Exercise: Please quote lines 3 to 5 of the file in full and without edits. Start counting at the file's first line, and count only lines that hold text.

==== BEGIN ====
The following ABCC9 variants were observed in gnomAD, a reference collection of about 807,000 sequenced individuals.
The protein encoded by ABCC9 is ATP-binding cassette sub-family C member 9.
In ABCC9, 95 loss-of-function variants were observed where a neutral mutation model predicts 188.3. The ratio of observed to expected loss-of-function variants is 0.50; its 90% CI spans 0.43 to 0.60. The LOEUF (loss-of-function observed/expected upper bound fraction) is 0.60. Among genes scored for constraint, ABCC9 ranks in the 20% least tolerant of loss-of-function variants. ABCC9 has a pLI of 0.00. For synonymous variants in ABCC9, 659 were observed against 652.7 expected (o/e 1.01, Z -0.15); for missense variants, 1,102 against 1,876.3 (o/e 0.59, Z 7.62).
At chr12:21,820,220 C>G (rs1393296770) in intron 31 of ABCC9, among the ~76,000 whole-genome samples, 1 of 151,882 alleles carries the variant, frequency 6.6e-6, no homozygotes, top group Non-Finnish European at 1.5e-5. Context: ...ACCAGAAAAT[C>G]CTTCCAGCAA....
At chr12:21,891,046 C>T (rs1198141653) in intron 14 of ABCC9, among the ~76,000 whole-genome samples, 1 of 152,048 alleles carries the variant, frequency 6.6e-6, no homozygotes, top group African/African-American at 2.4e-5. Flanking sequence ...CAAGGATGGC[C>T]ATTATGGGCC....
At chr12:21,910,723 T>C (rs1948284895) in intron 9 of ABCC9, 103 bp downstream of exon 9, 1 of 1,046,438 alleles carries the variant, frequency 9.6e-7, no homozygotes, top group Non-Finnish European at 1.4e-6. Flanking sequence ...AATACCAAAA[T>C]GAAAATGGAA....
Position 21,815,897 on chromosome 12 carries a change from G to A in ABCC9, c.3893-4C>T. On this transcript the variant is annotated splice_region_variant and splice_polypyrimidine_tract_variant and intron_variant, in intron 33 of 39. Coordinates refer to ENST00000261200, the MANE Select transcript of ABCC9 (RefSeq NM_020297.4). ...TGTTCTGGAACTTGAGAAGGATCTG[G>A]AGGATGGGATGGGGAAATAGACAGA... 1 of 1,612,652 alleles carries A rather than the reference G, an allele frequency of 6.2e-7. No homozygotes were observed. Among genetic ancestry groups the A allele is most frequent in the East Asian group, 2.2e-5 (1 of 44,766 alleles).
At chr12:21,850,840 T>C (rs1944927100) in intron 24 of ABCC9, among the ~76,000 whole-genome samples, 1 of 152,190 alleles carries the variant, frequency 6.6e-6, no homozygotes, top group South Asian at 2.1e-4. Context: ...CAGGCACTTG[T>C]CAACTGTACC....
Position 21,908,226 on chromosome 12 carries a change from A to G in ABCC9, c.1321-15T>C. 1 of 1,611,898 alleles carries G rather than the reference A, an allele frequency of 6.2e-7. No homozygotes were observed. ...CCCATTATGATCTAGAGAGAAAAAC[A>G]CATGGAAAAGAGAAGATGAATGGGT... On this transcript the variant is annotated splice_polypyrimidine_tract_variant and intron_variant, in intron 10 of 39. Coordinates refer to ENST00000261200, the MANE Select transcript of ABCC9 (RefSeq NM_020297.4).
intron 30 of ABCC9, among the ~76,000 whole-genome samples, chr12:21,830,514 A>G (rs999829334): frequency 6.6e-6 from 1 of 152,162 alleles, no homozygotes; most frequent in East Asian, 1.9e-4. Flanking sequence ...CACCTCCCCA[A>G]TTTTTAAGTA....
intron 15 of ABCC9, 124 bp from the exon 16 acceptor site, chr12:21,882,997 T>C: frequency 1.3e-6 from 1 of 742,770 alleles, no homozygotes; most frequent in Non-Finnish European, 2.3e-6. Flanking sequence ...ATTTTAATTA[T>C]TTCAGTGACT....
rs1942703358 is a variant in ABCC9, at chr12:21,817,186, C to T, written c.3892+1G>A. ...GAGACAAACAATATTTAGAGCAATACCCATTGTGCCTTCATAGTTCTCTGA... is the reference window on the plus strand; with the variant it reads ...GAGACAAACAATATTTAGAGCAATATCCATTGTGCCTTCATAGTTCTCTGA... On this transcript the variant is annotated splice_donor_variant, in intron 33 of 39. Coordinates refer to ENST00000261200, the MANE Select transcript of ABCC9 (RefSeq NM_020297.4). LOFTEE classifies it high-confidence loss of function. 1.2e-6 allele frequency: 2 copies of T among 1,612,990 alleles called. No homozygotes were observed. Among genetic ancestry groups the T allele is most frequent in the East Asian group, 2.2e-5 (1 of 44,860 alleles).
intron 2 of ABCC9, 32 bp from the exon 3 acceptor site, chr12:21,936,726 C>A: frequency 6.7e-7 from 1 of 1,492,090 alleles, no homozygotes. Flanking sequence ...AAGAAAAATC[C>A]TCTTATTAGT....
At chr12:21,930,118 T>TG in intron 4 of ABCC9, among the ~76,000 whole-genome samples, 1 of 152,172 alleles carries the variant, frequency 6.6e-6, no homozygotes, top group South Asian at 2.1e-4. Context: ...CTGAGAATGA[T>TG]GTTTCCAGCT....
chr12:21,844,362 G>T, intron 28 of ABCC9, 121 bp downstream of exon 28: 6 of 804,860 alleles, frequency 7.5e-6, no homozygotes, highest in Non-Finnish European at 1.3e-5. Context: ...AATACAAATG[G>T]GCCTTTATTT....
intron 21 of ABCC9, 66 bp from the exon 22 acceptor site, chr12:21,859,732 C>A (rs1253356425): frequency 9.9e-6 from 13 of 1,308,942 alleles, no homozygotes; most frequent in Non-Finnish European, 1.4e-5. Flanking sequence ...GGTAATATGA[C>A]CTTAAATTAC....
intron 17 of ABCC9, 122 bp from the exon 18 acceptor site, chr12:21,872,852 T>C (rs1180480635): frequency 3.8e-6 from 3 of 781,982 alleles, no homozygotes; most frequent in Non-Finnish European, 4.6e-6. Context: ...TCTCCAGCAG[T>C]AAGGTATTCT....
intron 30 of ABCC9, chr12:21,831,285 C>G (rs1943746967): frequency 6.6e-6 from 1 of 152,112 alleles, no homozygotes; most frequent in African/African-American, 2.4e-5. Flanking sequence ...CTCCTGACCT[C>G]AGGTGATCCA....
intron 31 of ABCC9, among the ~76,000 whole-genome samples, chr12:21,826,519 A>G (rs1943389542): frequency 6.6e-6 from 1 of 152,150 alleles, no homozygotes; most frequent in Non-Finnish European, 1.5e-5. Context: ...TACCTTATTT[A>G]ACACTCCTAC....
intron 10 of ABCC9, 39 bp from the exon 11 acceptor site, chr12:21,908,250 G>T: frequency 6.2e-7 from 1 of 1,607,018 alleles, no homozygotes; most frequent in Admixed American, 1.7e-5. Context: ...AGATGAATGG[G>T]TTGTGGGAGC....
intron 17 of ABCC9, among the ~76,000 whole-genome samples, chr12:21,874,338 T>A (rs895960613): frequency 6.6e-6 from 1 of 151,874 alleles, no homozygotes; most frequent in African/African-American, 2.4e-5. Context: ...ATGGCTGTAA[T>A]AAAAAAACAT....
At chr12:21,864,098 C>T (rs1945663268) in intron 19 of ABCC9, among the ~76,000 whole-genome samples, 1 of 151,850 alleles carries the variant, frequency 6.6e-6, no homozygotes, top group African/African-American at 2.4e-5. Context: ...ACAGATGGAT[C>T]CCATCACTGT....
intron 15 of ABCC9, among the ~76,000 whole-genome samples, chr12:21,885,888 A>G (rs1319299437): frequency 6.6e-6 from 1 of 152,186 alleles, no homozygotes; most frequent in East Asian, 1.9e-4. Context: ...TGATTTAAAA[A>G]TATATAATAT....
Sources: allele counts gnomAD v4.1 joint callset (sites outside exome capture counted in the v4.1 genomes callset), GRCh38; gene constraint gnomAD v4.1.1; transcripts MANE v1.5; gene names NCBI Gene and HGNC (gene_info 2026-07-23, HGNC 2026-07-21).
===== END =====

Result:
In ABCC9, 95 loss-of-function variants were observed where a neutral mutation model predicts 188.3. The ratio of observed to expected loss-of-function variants is 0.50; its 90% CI spans 0.43 to 0.60. The LOEUF (loss-of-function observed/expected upper bound fraction) is 0.60. Among genes scored for constraint, ABCC9 ranks in the 20% least tolerant of loss-of-function variants. ABCC9 has a pLI of 0.00. For synonymous variants in ABCC9, 659 were observed against 652.7 expected (o/e 1.01, Z -0.15); for missense variants, 1,102 against 1,876.3 (o/e 0.59, Z 7.62).
At chr12:21,820,220 C>G (rs1393296770) in intron 31 of ABCC9, among the ~76,000 whole-genome samples, 1 of 151,882 alleles carries the variant, frequency 6.6e-6, no homozygotes, top group Non-Finnish European at 1.5e-5. Context: ...ACCAGAAAAT[C>G]CTTCCAGCAA....
At chr12:21,891,046 C>T (rs1198141653) in intron 14 of ABCC9, among the ~76,000 whole-genome samples, 1 of 152,048 alleles carries the variant, frequency 6.6e-6, no homozygotes, top group African/African-American at 2.4e-5. Flanking sequence ...CAAGGATGGC[C>T]ATTATGGGCC....